Anna Carlisle’s ground-breaking new play celebrates a gifted life stopped in its prime and will give audiences an opportunity to spend time in the company of a great painter as she makes her way through a life of joys, frustrations, disappointments and triumphs.
‘Joan Eardley: A Private View’ is written by Anna Carlisle for Heroica Theatre Company. It is directed by Marilyn Imrie, and Alexandra Mathie plays the role of Joan Eardley.
In this compelling and moving promenade production, audiences will come to understand what it was that fired Joan Eardley: they will hear the voices of her cherished Samson children of Glasgow and the sounds of the Catterline storms. They will feel as if they are almost standing in the waves and cornfields with her, and experience for themselves the overwhelming impact of her finished works.
Joan’s touching life will unfold before people’s eyes entailing story, sound, visual imagery and their own human interactions. And she will not be alone: as well as having the audiences alongside her, she will also have with her her steadfast friends from her working life: Margot Sandeman, Angus Neil and Lil Neilson, all painters themselves, and Audrey Walker, Joan’s key mentor and a successful photographer in her own right. When Joan Eardley died in 1963, tragically and some would say unnecessarily young, she left behind not only an extraordinary body of work but this steadfast body of people who loved her and never left her till the very last day of her life.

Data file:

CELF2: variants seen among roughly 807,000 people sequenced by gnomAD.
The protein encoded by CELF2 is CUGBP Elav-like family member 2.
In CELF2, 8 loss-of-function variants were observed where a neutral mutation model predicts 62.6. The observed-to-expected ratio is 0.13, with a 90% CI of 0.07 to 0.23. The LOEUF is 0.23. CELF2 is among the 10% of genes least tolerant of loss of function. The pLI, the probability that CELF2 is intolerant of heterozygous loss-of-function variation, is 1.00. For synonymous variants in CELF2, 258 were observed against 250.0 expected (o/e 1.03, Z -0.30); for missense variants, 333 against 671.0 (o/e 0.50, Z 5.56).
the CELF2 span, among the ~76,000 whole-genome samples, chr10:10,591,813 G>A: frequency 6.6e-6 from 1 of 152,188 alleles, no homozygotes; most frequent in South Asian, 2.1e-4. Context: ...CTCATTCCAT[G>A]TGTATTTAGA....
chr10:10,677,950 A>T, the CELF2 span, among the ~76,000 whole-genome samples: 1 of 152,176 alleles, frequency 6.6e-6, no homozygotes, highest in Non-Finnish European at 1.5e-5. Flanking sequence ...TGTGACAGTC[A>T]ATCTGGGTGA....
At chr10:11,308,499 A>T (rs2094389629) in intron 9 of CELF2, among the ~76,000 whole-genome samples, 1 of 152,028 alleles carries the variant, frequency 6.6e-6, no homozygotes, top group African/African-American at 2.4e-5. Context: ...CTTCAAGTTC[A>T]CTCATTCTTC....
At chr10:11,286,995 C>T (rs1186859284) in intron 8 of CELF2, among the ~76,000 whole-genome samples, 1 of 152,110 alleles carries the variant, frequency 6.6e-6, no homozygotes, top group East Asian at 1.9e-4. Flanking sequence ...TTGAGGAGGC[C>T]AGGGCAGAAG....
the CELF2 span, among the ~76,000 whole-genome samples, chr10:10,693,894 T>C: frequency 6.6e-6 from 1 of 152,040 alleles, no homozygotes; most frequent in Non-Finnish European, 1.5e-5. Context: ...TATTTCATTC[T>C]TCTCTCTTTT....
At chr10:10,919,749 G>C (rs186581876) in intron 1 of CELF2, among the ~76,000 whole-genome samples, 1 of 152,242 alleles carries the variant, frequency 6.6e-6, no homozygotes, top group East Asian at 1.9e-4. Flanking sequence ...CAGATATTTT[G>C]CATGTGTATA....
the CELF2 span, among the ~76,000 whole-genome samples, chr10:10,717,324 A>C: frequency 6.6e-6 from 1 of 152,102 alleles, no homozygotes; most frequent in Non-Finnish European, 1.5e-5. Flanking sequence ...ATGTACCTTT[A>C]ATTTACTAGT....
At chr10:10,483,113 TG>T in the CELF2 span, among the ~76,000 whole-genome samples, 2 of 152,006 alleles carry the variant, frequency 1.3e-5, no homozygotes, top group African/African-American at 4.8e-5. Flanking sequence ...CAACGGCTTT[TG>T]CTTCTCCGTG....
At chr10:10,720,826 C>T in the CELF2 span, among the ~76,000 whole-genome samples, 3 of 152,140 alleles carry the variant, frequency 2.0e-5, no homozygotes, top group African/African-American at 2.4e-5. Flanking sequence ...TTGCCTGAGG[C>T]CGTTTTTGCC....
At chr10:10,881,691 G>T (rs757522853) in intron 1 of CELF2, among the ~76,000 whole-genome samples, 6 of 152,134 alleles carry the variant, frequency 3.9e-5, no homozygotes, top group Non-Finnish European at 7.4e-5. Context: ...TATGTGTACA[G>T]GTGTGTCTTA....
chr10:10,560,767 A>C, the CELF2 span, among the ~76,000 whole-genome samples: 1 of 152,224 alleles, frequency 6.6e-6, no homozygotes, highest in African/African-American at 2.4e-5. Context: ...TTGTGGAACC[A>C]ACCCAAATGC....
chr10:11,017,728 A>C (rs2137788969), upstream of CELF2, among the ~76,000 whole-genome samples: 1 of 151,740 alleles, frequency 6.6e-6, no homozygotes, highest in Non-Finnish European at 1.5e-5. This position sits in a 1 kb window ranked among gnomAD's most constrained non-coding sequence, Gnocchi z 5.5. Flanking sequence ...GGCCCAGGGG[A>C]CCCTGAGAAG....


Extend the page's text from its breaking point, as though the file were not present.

The guiding intention of the production is to bring Joan Eardley and her overwhelming body and nature of work to the notice of the English public who know of her – if at all – far less well than the Scots. Joan’s giant paintings of the sea and the land will bowl you over – as they did her, literally! You will marvel that they were not painted just yesterday, and you will be amazed at the ‘organic’ textures on Joan’s canvases, incorporating all the grit and seeds and spatterings that nature would throw at them! Her portraits of the Glasgow children will both enchant and enlighten you, telling – as they do – of the hope that could exist within despair and poverty, and the simple joy that could prevail amongst the desolation and destruction of the Glasgow slum suburbs.